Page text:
There’s a gap in my memory of that morning, and it ends in front of our house not long after sunrise. I have no recollection of being on the 486 bus, nor do I remember walking from the bus stop to our road. Sometimes I wonder if I took a cab, which would make sense, given the situation. But I do recall the sunlight casting a heavenly glow on the front garden and the fading grey walls of our house.
How appropriate, I remember thinking. And then I imagined you complaining it was too much of a cliché.
I went inside, left keys and bag on the side table by the entrance. I took off my shoes and got into my purple slippers – I still have those, hidden somewhere, by the way. I made tea, and felt ashamed by how good it tasted, how warm it made me feel.
The house was silent. I could hear the grandfather’s clock ticking upstairs. I walked into the sitting room, that is to say your bedroom until the previous night. I remember the smell of wood polish and antiseptics. It made me gag: I rushed to the windows, I opened them wide. A fresh breeze flooded the room.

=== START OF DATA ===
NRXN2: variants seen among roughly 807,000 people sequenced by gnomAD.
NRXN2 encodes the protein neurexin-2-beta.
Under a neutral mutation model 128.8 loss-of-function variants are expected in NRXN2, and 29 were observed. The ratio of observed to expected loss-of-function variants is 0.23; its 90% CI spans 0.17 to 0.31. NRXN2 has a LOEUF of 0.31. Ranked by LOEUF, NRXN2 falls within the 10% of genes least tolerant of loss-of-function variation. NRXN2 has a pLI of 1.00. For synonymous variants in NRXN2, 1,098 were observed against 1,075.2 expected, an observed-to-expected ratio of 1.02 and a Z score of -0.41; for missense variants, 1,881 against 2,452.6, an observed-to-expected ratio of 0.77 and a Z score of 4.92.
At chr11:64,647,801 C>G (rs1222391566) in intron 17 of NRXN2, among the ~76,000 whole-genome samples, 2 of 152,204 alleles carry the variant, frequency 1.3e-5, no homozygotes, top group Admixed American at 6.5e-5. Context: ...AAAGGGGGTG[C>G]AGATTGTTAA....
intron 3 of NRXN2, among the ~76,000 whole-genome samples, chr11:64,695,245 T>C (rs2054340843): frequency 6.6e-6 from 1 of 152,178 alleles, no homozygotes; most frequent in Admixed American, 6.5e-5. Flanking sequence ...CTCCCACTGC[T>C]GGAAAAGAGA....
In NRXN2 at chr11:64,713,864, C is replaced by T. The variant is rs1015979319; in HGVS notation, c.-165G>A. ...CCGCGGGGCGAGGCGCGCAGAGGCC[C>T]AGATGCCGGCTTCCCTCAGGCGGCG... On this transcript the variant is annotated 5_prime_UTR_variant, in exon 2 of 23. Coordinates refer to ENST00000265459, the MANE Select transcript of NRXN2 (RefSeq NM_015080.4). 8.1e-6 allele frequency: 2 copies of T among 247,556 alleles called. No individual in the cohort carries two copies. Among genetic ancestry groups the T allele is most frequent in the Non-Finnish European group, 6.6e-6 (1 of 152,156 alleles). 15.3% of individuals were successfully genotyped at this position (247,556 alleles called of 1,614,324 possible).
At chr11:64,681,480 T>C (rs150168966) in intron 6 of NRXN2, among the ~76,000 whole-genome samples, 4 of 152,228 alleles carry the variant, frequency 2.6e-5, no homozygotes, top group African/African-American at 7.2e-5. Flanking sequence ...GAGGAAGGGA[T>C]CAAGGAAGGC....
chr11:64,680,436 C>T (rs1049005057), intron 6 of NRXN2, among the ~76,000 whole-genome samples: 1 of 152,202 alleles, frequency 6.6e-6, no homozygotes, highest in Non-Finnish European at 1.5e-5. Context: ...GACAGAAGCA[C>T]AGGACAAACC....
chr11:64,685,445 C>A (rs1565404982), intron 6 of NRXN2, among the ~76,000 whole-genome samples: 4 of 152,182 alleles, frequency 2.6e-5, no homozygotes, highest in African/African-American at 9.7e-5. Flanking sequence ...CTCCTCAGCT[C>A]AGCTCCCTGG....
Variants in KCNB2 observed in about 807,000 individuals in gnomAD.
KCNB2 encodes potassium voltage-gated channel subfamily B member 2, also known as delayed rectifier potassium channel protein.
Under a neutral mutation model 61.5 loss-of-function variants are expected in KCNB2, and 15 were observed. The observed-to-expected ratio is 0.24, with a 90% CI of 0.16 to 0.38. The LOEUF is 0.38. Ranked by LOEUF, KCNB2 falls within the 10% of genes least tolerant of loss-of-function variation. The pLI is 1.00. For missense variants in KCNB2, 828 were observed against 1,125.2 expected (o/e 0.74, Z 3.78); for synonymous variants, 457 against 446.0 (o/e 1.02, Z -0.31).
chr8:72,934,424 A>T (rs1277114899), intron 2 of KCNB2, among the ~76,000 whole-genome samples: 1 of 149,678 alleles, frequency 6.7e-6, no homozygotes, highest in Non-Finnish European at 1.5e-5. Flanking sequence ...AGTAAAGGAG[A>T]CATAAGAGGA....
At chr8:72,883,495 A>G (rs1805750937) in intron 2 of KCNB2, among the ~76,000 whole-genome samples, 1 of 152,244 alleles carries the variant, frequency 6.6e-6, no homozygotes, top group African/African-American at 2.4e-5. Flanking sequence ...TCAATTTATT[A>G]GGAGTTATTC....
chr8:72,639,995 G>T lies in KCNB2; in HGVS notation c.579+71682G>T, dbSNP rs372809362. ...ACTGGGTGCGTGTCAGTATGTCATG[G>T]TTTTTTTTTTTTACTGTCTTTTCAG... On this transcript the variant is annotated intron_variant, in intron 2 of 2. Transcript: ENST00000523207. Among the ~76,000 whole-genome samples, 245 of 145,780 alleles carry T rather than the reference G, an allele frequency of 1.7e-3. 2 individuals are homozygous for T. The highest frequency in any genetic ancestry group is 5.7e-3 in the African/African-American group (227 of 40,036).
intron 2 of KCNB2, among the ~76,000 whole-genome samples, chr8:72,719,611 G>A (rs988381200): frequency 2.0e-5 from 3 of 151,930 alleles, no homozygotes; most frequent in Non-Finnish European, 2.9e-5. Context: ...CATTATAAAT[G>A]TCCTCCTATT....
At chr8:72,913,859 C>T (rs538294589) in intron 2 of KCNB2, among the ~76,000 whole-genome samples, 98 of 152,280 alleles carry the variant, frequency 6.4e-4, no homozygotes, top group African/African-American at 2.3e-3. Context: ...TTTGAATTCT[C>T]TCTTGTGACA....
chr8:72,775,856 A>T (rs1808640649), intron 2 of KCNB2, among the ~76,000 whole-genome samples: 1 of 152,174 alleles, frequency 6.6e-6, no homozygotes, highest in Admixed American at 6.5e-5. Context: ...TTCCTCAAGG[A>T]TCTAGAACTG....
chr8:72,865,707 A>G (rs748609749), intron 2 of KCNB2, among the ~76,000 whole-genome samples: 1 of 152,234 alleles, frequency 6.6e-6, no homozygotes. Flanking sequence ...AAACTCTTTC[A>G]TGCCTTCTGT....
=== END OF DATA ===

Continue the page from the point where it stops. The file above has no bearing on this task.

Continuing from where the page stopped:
I tidied up the books, stashed in neat piles on the coffee table, and put them back on the bookshelves. I collected the water jug, the bowl with the unfinished soup. The spoon had fallen under the sofa at some point the previous night. I collected the towels, still damp with your sweat, and pulled out the sheets from the hospital bed. Those were ours, the nurses would not want them back. Besides, you had rarely used that bed. You preferred the sofa, said it was more comfortable. I never quite believed you.
Soon people would start to call, I knew. Voice would spread fast. Neighbours would drop by, bringing food, offering help and anecdotes, saying you’d be missed.
I sat on the sofa, and looked at the pillow. It still had the shape of your head. It looked solid, carved, but in soft feathers and delicate cotton threads. I lifted it up, slipping my arms under it as if there was a jewel cradled on top. With careful steps, I walked up the stairs and into the bedroom. I left it on your side of the bed.
I wondered how long it could stay like that, if I left it untouched. Perhaps long after your scent had faded from every sweater forgotten at the back of the wardrobe. Perhaps long enough so I could accept you no longer being there. Till then, I imagined myself waking up in the mornings to come, and pretend you had just left the room.
Slawka G. Scarso has published several books on wine and works as a copywriter and translator. Her short fiction has appeared in Mslexia, Ellipsis Zine, Spelk, Constellate Magazine and Flash Frontier. She lives between Rome and Geneva with her husband and her Labrador, Tessa. @nanopausa